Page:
Parts Copolymer of vinyl chloride, 86%, vinyl acetate, 13%, maleic acid, 1% v 100 Dioxane 1515 Sodium hydroxide, finely divided solid"--- These materials were heater at 85 to 90 C. for approximately 48 hours. The solution was then neutralized with acetic acid, filtered and the resin precipitated in water. The original copolymer was only partially hydrolyzed and the polyfunctional copolymer formed contained both hydroxyl and acetyl groups. The neutralization of the solution with acetic acid freed the resin of any salt groups formed by reaction of the sodium hydroxide with the carboxyl groups.
In order to hasten the drying of the wet precipitated resin it was placed in the oven and a strong blast of airdirected over it. The outer portion, which was dried out and actually reached 250 F., was completely insoluble in acetone. The remainder of the resin which did not reach this temperature because of the moisture present Was soluble and was used for the tests to follow: Solutions were made of the hydrolyzed copolymer in acetone, and films were cast from these solutions on steel and on glass. on baking the films for minutes at 250 F., the films were harder and less soluble than the control films of the original copolymer, but were not completely insoluble in acetone. The films of the hydrolized copolymer dried very quickly and they were strongly adherent to glass.
The hydrolyzed copolymers were compatible with various phenol-formaldehyde resins. In particular, they were compatible with a varnish type resin prepared by reacting a mixture of para tertiary-butyl phenol and phenol with formaldehyde in the presence of xylene and solvent naphtha; with a resin formed by reacting para tertiary-butyl phenol with formaldehyde in the presence of an alkaline catalyst; with a resin formed by reacting a mixture of high-boiling tional copolymers, and their heat-sealing and .bath for 24 hours.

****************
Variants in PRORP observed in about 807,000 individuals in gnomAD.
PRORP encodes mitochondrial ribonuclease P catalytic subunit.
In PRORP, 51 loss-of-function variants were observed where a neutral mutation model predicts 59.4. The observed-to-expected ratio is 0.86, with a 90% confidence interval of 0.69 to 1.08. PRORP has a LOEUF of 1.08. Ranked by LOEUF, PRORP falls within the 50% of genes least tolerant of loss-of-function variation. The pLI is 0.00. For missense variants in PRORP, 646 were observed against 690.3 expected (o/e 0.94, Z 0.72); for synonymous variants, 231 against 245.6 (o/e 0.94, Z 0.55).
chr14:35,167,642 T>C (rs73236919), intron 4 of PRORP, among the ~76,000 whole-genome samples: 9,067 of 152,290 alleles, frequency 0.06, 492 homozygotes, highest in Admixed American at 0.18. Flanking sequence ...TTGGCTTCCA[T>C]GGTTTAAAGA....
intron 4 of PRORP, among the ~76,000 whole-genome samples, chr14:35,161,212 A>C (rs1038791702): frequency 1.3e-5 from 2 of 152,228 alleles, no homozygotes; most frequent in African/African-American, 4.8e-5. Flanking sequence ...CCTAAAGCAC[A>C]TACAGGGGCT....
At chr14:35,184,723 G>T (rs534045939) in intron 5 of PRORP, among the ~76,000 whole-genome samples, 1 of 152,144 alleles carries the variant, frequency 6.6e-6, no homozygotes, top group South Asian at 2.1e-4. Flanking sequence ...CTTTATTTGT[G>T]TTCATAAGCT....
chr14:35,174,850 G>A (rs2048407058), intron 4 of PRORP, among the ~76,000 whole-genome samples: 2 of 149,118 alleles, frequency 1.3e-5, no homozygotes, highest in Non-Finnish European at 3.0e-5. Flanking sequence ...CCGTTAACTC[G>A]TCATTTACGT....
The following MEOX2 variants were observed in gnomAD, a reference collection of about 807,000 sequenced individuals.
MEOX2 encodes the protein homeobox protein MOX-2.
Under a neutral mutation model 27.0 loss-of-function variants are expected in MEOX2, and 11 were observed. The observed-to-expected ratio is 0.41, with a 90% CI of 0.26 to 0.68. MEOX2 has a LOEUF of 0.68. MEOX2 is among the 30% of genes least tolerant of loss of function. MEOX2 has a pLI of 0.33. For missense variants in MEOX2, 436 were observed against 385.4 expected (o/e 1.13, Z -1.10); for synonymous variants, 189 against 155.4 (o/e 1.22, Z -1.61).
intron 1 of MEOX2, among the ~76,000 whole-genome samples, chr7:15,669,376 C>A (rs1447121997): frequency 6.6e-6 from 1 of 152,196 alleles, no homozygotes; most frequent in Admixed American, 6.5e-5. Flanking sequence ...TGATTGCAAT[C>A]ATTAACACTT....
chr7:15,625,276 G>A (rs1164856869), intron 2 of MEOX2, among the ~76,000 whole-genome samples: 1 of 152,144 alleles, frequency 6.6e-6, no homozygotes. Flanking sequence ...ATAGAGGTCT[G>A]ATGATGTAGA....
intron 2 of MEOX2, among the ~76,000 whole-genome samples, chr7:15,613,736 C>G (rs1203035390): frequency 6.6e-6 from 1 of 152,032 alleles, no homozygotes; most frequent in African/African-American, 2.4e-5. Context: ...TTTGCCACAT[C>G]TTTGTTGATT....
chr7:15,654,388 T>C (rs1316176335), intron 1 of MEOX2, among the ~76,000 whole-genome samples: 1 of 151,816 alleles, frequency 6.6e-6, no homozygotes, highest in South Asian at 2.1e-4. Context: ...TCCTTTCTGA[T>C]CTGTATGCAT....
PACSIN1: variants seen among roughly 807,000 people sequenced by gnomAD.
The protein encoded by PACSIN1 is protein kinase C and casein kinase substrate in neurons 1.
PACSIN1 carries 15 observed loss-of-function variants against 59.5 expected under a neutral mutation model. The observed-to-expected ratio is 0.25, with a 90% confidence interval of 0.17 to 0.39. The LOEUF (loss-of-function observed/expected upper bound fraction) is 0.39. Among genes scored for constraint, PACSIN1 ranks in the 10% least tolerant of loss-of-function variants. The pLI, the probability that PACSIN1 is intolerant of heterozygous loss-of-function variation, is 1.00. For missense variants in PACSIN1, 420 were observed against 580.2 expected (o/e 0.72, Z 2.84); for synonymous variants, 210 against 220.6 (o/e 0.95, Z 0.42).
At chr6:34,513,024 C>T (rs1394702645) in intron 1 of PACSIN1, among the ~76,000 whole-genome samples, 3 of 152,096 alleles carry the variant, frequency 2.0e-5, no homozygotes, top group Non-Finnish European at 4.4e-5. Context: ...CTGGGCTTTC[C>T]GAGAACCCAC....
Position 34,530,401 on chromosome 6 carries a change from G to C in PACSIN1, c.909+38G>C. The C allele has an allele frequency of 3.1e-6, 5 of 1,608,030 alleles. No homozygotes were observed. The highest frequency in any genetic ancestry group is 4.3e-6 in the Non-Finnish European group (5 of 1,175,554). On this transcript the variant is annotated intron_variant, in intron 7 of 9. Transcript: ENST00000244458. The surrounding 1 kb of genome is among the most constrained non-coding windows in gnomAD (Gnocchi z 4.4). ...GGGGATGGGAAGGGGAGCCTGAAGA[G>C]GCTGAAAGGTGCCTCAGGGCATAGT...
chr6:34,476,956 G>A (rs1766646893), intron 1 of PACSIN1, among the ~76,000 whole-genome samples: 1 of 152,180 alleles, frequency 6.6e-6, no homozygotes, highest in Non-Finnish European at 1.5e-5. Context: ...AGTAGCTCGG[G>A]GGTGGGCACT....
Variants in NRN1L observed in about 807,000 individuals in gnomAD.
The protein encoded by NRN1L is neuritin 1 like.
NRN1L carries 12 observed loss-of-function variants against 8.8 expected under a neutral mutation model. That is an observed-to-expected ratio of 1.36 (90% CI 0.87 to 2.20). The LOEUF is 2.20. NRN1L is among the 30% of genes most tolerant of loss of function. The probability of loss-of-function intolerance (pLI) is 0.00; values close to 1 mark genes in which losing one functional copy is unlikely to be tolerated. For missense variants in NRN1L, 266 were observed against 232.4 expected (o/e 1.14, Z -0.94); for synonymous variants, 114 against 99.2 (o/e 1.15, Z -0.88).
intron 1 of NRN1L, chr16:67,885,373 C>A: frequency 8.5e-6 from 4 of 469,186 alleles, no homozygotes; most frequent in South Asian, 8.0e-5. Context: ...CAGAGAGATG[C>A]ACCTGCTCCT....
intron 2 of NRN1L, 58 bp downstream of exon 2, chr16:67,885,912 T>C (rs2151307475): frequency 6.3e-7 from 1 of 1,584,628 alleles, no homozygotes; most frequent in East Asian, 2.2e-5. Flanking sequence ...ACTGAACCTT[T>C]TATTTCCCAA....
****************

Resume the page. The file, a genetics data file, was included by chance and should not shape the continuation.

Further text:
phenols with formaldehyde in the presence of an alkaline catalyst and with a resin made by reacting phenol with formaldehyde in the presence of ethanol and an alkaline catalyst.
Example. 2.A copolymer of vinyl chloride, 85.8%, vinyl acetate, 8.5%, and maleic acid, 5.7% having a specific viscosity of 0.536, as determined using 1 gram of resin in 100 ml. of methyl isobutyl ketone, was dissolved in 475 parts of dioxane to form a 5% solution, and 10 cc. of hydrochloric acid having a specific gravity of 1.17 and 10 cc. of ethanol were added. This mixture was refluxed at to C. on a steam The acid catalyst was neutralized with an excess of proplyene oxide and the partially hydrolyzed copolymer precipitated in water. I
A 10% solution of this hydrolyzed copolymer wasprepared and mixed with various phenolic resins. The resin was compatible in a 20:1 mixture with the phenol-formaldehyde resins identifled above. On baking these mixtures at 300 F. for 30 minutes, the mixtures became insoluble in acetone. Even when the hydrolyzed copolymer was baked in the absence of the phenolic resins, the baked resin was still only slightly soluble in acetone. All of the coatings showed good resistance to water and had good adhesion.
Example 3.+A partially hydrolyzed copolymer of vinyl chloride, 86%, vinyl acetate, 13%, and maleic acid. 1% was dissolved in acetone, and a film cast from the solution. The solvent was removed from the films by baking at a low temperature and the films then immersed in a solution of sulfur chloride in mineral spirits. The films were removed and washed, and they were found to be insoluble in ketones, such as methyl ethyl ketone. although the untreated films were soluble.
Exam plc'4.Th1'ee hundred (300) parts of the copolymer of vinyl chloride, vinyl acetate and maleic acid described in Example 2, were dissolved in 1435 parts of 83% methyl acetate and 219 parts of absolute methanol. The solution was heated to 52 C. and 66.6 parts of a 15.7% solution of sulfuric acid in methanol were added. After 22 hours. the catalyst was eliminated by the addition of sodium acetate. The resin was precipitated with methanol and washed. A very light colored alcoholysis product was obtained which contained 87.7% vinyl chloride and 2.3% maleic acid, the remainder being vinyl alcohol, vinyl acetate, and 44$:- methyl maleate. The resin had a specific viscosity at C. of 0.561. The product exhibited improved compatibility with phenol-formaldehyde, melamine-formaldehyde, and ureaformaldehyde heat-converting resins, and showed good adhesion on air-drying.